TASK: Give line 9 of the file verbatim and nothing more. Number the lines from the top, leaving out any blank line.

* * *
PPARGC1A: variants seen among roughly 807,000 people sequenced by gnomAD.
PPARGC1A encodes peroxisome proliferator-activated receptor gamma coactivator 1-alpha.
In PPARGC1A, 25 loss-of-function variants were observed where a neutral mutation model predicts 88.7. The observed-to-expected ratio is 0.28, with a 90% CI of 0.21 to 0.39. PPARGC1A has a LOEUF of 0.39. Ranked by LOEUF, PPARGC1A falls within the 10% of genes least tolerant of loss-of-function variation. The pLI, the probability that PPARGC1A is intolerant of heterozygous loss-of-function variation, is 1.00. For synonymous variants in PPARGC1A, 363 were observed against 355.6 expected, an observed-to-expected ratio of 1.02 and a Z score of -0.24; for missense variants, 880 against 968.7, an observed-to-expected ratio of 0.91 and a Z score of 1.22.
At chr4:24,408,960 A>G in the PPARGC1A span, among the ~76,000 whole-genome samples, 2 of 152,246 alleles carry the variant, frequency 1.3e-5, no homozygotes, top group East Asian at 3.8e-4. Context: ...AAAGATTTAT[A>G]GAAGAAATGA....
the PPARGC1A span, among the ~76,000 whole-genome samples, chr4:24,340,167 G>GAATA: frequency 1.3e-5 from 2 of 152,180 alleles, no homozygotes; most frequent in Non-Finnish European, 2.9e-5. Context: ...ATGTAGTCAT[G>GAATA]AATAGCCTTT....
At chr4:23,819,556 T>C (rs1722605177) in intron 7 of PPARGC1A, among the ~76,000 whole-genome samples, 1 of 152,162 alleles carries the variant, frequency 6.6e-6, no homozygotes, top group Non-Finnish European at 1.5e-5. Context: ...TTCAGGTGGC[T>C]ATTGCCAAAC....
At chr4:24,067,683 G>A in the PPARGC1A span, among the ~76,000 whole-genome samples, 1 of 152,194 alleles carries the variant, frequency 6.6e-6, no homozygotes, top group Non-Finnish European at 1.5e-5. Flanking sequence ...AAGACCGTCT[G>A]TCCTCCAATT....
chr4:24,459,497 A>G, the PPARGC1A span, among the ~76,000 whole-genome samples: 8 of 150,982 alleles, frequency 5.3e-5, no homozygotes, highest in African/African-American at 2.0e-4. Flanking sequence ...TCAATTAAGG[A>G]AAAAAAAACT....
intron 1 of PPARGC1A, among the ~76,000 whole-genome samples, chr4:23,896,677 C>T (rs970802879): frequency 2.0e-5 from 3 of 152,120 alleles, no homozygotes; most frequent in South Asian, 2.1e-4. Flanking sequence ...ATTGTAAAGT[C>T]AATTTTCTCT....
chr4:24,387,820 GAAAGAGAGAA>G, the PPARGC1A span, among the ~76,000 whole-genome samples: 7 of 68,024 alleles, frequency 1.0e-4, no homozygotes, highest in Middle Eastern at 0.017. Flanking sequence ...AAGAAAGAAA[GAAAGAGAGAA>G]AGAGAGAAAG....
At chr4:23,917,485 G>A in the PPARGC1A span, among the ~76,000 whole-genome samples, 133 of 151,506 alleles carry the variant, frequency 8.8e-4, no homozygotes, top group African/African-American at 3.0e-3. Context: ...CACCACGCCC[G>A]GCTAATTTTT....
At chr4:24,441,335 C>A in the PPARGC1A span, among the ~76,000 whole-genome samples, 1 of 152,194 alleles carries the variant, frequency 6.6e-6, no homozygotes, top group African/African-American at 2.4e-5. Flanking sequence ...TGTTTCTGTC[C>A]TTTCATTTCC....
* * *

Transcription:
intron 1 of PPARGC1A, among the ~76,000 whole-genome samples, chr4:23,896,677 C>T (rs970802879): frequency 2.0e-5 from 3 of 152,120 alleles, no homozygotes; most frequent in South Asian, 2.1e-4. Flanking sequence ...ATTGTAAAGT[C>T]AATTTTCTCT....